In the passing game, Stafford was able to spread the ball around. Someone other than Cooper Kupp led the Rams in receiving for the first time since week nine of last year. In fact, Kupp was third in receiving. Tyler Higbee and Skowronnek caught for more yards than Kupp. Why this is good is it means more receivers are getting open and Stafford is learning what they can be counted on to do. Also, it means the Rams offense won’t stall if a defense is somehow able to slow Kupp.
Where the Rams will need to continue gel is with Allen Robinson and Tutu Atwell. Neither has been a consistent factor on offense. There were flashes of Robinson early against the Falcons, but coming into this season, hopes for him were much higher. Atwell’s flash hasn’t happened yet. But you can see what the Rams are thinking. Stafford targeted Atwell deep in the second quarter. The timing wasn’t right on this particular throw. Stafford either overthrew him or Atwell underran the route. Despite already having a step and a half on the safety, Atwell seemed to have another gear he could engage. If he was all out on that route, he could have hauled in his first catch.
If that play works, this game has a very different tone. Had Atwell scored on the drive it would have put the Rams up 20-0. Thinking back to early last season, DeSean Jackson, a much more veteran receiver caught a few of those balls that effectively tore games open. That’s the narrow difference between an offense clicking versus lacking an identity.
The offense is clicking when Stafford connects with Kupp or Higbee, but the new additions are still finding their footing. It isn’t ideal, but it is the reality. That’s why the Rams offense has either looked like a well-oiled machine or sputtering hooptie. Only certain parts are working at full capacity.
Bent But Not Broken Defense
The defense has found large pieces of their identity, but it just so happens that the Rams defensive identity is dependent on an offense that scores more than 20 points a game. McVay specified 30 points as the point total he expects from the offense.
This defense gives large cushions to opposing receivers. Giving up small chunks of yardage is a feature, not a bug of the defense. This also prevents big plays from gashing them and putting up touchdowns on the scoreboard.
The Rams defense only allowed two plays of 14 yards or more. They gave up four scores, but all were field goals. Jalen Ramsey put it this way, “That’s just knowing the game of football, and being savvy. We played very conservative, but if they were going to keep going short and letting us tackle in-bounds, we’re good with that.”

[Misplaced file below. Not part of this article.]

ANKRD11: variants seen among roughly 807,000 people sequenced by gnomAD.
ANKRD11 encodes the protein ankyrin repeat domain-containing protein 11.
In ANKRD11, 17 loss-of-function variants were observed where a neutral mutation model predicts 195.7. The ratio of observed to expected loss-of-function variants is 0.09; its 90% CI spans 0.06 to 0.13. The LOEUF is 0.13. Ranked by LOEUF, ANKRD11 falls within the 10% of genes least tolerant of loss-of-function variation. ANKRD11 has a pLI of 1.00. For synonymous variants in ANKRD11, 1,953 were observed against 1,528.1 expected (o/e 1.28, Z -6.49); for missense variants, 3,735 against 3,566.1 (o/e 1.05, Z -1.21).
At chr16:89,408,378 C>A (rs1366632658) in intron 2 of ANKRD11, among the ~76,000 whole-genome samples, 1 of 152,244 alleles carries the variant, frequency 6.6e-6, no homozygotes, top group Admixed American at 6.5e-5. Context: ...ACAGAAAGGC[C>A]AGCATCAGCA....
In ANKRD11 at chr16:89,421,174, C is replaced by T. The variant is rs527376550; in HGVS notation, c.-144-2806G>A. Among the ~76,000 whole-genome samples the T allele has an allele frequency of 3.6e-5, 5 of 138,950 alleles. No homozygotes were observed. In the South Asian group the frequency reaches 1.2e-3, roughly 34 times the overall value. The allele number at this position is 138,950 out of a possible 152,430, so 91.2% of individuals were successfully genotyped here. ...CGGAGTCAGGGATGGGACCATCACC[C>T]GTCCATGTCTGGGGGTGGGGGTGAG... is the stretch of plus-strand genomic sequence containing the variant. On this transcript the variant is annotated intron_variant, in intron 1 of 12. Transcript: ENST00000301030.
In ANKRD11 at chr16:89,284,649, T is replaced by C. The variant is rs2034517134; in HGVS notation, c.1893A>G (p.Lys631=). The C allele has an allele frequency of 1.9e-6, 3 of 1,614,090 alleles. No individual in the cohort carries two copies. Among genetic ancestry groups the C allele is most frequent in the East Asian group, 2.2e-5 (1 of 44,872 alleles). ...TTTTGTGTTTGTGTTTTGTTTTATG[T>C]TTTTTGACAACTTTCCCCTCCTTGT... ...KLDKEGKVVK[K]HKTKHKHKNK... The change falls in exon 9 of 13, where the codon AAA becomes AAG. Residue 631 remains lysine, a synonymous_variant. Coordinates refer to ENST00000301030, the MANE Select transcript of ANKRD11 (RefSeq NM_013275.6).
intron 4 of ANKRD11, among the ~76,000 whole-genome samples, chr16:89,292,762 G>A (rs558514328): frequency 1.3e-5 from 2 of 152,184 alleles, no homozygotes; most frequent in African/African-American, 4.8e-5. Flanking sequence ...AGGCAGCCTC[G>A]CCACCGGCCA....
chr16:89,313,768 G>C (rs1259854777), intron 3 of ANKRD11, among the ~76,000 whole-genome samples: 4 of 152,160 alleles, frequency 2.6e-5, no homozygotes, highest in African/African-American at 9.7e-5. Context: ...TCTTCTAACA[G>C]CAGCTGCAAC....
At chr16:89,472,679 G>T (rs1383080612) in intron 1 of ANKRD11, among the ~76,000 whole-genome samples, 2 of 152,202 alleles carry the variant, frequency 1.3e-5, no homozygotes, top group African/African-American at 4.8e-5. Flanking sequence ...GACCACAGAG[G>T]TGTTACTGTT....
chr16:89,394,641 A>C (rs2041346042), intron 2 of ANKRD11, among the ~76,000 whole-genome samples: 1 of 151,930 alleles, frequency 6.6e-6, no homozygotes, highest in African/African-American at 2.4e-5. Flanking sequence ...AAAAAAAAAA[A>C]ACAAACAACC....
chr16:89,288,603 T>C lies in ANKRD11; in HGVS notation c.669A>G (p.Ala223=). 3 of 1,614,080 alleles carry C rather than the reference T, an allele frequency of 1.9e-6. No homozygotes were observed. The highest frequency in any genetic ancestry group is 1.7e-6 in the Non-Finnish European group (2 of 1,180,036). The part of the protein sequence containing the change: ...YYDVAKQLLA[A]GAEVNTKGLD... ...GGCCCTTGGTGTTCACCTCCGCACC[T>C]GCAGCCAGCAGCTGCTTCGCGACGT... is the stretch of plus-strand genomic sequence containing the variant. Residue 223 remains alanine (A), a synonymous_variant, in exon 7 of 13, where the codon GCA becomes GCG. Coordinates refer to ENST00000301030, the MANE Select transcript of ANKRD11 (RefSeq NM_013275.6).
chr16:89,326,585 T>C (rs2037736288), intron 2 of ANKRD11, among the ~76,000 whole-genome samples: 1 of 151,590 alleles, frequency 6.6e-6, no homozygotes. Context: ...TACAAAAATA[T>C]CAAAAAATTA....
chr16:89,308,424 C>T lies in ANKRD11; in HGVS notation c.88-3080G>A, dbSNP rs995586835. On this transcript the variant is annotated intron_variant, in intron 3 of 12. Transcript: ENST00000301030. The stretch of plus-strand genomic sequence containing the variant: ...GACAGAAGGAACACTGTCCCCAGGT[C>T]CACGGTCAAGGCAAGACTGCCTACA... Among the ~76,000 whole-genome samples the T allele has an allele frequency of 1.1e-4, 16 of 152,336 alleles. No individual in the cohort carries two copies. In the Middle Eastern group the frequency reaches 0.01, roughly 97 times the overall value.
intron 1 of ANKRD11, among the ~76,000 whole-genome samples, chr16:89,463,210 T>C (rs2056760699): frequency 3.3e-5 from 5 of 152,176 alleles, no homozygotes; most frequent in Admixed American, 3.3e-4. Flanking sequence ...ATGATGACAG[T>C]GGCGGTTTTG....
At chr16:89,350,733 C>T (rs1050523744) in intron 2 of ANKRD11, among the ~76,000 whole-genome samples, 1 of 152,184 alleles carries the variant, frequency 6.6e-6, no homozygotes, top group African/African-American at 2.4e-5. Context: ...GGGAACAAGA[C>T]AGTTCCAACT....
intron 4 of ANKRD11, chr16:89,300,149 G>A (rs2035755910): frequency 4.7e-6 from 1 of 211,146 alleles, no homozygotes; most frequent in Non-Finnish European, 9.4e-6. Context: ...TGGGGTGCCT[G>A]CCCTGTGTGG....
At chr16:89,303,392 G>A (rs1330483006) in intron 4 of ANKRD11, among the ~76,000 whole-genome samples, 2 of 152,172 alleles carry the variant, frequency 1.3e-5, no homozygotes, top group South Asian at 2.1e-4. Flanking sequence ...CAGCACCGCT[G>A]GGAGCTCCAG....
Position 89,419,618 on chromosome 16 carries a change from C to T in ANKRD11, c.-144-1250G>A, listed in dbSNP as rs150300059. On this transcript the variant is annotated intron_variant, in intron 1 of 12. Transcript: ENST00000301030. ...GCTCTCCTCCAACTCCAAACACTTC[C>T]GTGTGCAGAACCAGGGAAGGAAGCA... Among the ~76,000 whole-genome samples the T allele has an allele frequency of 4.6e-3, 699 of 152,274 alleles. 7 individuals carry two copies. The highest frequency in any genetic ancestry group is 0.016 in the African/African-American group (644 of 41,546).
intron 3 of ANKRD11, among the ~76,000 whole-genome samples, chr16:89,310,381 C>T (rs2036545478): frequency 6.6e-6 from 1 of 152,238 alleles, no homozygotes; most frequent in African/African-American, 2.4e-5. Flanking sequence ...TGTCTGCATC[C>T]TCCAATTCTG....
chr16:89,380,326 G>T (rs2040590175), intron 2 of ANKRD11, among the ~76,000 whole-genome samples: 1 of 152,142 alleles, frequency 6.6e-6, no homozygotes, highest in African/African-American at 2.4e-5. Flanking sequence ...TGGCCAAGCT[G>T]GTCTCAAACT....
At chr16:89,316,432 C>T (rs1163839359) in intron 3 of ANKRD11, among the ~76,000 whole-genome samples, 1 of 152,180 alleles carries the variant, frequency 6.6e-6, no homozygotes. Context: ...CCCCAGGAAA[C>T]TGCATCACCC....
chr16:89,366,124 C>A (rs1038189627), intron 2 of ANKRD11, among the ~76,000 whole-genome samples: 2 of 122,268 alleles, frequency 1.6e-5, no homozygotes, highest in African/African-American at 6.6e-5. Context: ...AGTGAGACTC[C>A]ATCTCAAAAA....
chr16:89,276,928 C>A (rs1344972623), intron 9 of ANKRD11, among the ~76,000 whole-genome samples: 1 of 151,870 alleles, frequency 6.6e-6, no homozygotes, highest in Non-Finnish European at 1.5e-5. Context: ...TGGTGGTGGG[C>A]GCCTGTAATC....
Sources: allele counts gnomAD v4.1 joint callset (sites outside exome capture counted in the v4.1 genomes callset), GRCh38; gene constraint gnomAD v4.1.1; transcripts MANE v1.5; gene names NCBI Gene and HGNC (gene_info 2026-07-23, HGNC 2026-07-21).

The moving parts of the defense have largely been injury related in the secondary, which also shapes their identity. Given the personnel, the Rams are forced to play with, “bending” might be the best-case scenario, until more veteran defensive backs get back on the field. Putting inexperienced corners into man coverage is a recipe for disaster. The extra cushion gives those young defensive backs time to read and react to what receivers and quarterbacks are doing.
What is starting to click on defense is the edge rushing group. They did a great job at containing Kyler Murray, taking away his ability to make plays outside the pocket, with either his arm or legs. They didn’t get significant proper pressure on him, just 17.7 percent, but they held him to just 8 yards rushing. In their previous two games, the opposing quarterbacks ran for 72 yards and five first downs. It’s a tactic the Rams have focused on with Murray specifically. The Rams have held him to just 14 yards over their last two meetings.
What is true is that every NFL team goes through several versions of their team every season. Looking back to last season, the Rams were three of four different versions of themselves on their path to the Super Bowl. This team will continue to morph over the weeks. McVay has proven that he knows how to coach this team and this offense can really only get better. Right?